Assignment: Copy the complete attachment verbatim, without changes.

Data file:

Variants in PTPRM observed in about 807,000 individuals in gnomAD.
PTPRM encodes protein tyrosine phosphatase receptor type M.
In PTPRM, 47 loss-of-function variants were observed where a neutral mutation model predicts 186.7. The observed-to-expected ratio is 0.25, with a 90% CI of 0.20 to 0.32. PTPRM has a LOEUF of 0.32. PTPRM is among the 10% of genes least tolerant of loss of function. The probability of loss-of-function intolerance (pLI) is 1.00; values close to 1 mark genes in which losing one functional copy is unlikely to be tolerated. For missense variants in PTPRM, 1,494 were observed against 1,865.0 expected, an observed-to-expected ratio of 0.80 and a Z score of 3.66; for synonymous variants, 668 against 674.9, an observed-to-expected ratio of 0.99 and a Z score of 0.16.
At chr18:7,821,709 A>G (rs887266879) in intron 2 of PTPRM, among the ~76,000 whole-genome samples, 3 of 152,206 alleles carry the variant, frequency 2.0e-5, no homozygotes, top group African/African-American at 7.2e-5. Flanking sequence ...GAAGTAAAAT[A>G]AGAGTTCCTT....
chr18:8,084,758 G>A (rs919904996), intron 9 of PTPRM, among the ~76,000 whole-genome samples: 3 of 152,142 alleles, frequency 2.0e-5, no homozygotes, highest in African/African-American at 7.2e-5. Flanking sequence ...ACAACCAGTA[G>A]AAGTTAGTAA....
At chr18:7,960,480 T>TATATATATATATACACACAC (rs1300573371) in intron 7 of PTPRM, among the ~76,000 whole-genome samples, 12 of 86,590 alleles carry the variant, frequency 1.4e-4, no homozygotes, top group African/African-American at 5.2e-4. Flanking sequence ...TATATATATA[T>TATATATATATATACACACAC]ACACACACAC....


Variants in PTPRM observed in about 807,000 individuals in gnomAD.
PTPRM encodes protein tyrosine phosphatase receptor type M.
In PTPRM, 47 loss-of-function variants were observed where a neutral mutation model predicts 186.7. The observed-to-expected ratio is 0.25, with a 90% CI of 0.20 to 0.32. PTPRM has a LOEUF of 0.32. PTPRM is among the 10% of genes least tolerant of loss of function. The probability of loss-of-function intolerance (pLI) is 1.00; values close to 1 mark genes in which losing one functional copy is unlikely to be tolerated. For missense variants in PTPRM, 1,494 were observed against 1,865.0 expected, an observed-to-expected ratio of 0.80 and a Z score of 3.66; for synonymous variants, 668 against 674.9, an observed-to-expected ratio of 0.99 and a Z score of 0.16.
At chr18:7,821,709 A>G (rs887266879) in intron 2 of PTPRM, among the ~76,000 whole-genome samples, 3 of 152,206 alleles carry the variant, frequency 2.0e-5, no homozygotes, top group African/African-American at 7.2e-5. Flanking sequence ...GAAGTAAAAT[A>G]AGAGTTCCTT....
chr18:8,084,758 G>A (rs919904996), intron 9 of PTPRM, among the ~76,000 whole-genome samples: 3 of 152,142 alleles, frequency 2.0e-5, no homozygotes, highest in African/African-American at 7.2e-5. Flanking sequence ...ACAACCAGTA[G>A]AAGTTAGTAA....
At chr18:7,960,480 T>TATATATATATATACACACAC (rs1300573371) in intron 7 of PTPRM, among the ~76,000 whole-genome samples, 12 of 86,590 alleles carry the variant, frequency 1.4e-4, no homozygotes, top group African/African-American at 5.2e-4. Flanking sequence ...TATATATATA[T>TATATATATATATACACACAC]ACACACACAC....